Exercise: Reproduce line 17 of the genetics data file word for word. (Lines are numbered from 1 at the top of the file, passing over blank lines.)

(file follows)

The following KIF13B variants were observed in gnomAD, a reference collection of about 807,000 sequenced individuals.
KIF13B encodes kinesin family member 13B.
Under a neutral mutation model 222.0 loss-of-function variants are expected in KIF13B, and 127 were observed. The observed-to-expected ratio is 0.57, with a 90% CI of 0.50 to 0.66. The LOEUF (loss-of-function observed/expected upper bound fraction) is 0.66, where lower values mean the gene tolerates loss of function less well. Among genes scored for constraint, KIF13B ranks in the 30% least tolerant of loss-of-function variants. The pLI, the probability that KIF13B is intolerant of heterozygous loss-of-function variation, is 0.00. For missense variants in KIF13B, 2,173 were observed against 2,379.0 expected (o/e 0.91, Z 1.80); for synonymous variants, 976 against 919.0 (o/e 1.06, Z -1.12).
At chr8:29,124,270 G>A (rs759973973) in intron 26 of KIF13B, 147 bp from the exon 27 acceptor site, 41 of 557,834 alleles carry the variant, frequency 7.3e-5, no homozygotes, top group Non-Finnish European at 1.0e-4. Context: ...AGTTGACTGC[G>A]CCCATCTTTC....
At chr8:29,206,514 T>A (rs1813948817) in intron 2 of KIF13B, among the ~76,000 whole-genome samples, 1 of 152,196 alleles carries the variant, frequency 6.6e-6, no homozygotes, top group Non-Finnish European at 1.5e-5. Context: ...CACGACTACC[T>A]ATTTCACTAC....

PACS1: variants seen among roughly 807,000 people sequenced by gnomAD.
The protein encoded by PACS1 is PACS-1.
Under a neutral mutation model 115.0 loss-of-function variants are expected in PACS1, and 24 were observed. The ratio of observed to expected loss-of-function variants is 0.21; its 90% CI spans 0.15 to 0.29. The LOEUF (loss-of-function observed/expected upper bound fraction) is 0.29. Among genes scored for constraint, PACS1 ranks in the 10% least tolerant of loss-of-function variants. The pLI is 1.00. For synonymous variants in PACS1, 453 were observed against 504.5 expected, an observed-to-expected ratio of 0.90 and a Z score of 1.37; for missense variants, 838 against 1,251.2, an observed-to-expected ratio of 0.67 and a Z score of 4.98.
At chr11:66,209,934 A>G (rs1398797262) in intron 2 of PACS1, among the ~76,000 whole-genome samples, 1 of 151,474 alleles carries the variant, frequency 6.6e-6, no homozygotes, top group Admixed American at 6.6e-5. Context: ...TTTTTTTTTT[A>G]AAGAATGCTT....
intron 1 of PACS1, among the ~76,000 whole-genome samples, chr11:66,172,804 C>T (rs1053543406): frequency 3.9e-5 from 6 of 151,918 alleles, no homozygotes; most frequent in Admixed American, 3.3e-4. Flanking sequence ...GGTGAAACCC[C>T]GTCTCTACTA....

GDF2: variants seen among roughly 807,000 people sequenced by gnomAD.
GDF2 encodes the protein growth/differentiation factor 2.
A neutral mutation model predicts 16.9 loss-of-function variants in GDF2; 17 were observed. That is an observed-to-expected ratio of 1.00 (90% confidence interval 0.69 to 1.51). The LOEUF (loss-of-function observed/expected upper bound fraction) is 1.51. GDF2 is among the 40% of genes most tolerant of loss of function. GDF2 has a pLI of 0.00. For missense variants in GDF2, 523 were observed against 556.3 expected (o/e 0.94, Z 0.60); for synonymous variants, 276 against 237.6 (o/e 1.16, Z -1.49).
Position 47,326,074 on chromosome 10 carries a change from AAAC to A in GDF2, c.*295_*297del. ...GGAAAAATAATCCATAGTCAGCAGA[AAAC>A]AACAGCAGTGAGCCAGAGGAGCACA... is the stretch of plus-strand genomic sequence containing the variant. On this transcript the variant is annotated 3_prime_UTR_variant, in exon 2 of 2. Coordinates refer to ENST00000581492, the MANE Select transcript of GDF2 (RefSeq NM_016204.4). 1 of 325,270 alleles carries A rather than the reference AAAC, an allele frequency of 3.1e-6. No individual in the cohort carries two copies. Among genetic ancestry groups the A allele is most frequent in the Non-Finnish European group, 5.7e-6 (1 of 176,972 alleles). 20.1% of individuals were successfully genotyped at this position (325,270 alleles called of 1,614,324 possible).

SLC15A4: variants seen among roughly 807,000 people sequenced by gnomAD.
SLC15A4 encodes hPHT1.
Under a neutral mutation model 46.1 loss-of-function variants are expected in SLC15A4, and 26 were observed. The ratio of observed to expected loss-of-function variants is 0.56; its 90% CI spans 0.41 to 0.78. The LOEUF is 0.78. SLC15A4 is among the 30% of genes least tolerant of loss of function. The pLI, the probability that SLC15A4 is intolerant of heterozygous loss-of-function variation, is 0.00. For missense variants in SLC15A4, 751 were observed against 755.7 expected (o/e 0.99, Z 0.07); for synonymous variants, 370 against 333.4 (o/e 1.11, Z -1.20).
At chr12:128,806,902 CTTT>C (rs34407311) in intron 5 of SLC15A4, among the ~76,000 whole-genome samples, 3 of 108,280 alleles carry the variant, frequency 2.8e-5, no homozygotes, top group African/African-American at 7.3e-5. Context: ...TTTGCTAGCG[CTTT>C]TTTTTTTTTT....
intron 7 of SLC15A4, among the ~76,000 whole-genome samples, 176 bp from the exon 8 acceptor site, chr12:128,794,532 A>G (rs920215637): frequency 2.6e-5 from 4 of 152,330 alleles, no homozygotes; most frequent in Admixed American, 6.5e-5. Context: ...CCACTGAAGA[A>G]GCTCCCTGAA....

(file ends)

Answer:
Under a neutral mutation model 46.1 loss-of-function variants are expected in SLC15A4, and 26 were observed. The ratio of observed to expected loss-of-function variants is 0.56; its 90% CI spans 0.41 to 0.78. The LOEUF is 0.78. SLC15A4 is among the 30% of genes least tolerant of loss of function. The pLI, the probability that SLC15A4 is intolerant of heterozygous loss-of-function variation, is 0.00. For missense variants in SLC15A4, 751 were observed against 755.7 expected (o/e 0.99, Z 0.07); for synonymous variants, 370 against 333.4 (o/e 1.11, Z -1.20).